Drill down further and we find more fundamental business paybacks. Greater understanding of ESG and Sustainability performance will inevitably make businesses more efficient — able, for example, to identify and eliminate wasteful practices more easily. The biggest prizes, however, will belong to those organizations that harness their non-financial data to generate economic, social and environmental value.

WHAT will assurance demand?

So, if we start from the premise that standards around non-financial data are now getting closer to those for financial reporting, we can begin to understand the obligations this will place on businesses.

The challenge centers on the quality of the data a business collects and holds — and then properly preparing this data for regular reporting cycles.

The issue is that, for the vast majority of companies, ESG and Sustainability is either brand new, or there simply aren’t enough resources committed. It can mean that there is a lack of know-how, people, technologies, systems, processes or, critically, culture to call upon.

It’s completely uncharted territory — and a dangerous one for companies that plan to cull their data from a variety of siloed systems not designed to identify and collect it. Auditors, investors and stakeholders would have very little confidence in a business if it collected financial data in this way — so there will be a similar lack of trust around the accuracy of its non-financial reporting.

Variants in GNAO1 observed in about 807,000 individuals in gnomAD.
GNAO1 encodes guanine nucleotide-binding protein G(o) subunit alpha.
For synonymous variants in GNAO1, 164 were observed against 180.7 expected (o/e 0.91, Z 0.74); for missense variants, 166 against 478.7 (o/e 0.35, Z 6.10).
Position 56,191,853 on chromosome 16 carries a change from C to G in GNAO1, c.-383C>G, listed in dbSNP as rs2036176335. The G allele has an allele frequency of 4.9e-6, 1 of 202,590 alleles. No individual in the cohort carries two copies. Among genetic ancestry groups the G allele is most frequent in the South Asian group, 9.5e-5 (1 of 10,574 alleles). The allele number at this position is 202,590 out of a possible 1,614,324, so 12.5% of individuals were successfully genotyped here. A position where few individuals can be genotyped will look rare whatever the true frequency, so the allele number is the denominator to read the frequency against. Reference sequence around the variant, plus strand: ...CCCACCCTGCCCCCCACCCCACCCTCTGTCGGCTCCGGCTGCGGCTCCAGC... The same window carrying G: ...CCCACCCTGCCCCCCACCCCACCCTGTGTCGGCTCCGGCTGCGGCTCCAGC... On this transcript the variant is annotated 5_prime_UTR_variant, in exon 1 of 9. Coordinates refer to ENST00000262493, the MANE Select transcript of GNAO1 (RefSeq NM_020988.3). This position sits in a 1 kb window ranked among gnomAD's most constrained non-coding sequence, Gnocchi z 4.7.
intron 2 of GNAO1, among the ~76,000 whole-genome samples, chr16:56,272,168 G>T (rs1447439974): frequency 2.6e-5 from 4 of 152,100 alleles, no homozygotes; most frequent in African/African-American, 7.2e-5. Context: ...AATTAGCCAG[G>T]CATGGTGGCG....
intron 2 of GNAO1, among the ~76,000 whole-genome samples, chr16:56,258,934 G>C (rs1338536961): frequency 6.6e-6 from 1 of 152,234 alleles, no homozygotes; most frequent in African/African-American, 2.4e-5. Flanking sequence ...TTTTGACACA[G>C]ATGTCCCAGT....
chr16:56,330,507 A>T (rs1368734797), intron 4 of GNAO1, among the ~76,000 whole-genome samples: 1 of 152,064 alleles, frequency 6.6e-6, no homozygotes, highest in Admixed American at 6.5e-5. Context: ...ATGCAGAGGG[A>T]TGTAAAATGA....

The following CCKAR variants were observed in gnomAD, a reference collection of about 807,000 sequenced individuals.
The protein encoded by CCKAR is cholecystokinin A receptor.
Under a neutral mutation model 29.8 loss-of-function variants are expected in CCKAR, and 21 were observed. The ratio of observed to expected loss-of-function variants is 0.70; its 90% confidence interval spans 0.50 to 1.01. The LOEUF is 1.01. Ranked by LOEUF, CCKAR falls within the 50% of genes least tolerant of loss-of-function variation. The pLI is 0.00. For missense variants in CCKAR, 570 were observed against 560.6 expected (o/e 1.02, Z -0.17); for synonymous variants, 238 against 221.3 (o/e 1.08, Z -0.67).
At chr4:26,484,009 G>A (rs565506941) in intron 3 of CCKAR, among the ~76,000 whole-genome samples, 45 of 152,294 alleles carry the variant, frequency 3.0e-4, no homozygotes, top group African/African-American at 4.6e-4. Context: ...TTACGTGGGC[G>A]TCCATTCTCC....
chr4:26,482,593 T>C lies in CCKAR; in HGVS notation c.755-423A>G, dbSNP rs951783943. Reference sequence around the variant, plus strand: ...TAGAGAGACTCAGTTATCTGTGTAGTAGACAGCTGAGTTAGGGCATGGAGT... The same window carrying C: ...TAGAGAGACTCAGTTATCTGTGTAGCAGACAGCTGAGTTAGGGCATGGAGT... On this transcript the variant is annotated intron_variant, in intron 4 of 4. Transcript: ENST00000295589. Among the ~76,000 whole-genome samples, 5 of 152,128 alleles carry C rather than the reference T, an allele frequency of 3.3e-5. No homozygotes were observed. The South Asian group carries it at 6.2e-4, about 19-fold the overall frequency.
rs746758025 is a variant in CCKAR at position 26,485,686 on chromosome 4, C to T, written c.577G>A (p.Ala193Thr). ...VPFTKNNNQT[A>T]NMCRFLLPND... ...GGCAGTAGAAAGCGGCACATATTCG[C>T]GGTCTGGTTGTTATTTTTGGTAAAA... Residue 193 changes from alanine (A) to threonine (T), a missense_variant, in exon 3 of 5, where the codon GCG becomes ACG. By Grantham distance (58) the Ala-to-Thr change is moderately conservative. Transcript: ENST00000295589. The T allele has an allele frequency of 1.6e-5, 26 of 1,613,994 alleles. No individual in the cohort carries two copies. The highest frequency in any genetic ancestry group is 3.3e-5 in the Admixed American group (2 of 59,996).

Companies will need to ensure that: 1) disclosures are consistent in requirements and format with whatever reporting standard they are reporting against; and 2) they have adequate systems, processes, and procedures in place to ensure that their data is accurate.

WHO can support delivery?

As realization dawns across the business world, actions to address ESG and Sustainability issues will be complicated by a shortage of people capable of doing so. Indeed, we are already seeing an escalating ESG talent war across many sectors. It suggests a damaging misunderstanding of the nature of non-financial data. One or two individuals (no matter how highly qualified) cannot tick the organizational ESG and Sustainability box: with assurance demanding non-financial data from across the company, it will only ever be valid if all functions and individuals are engaged and aligned.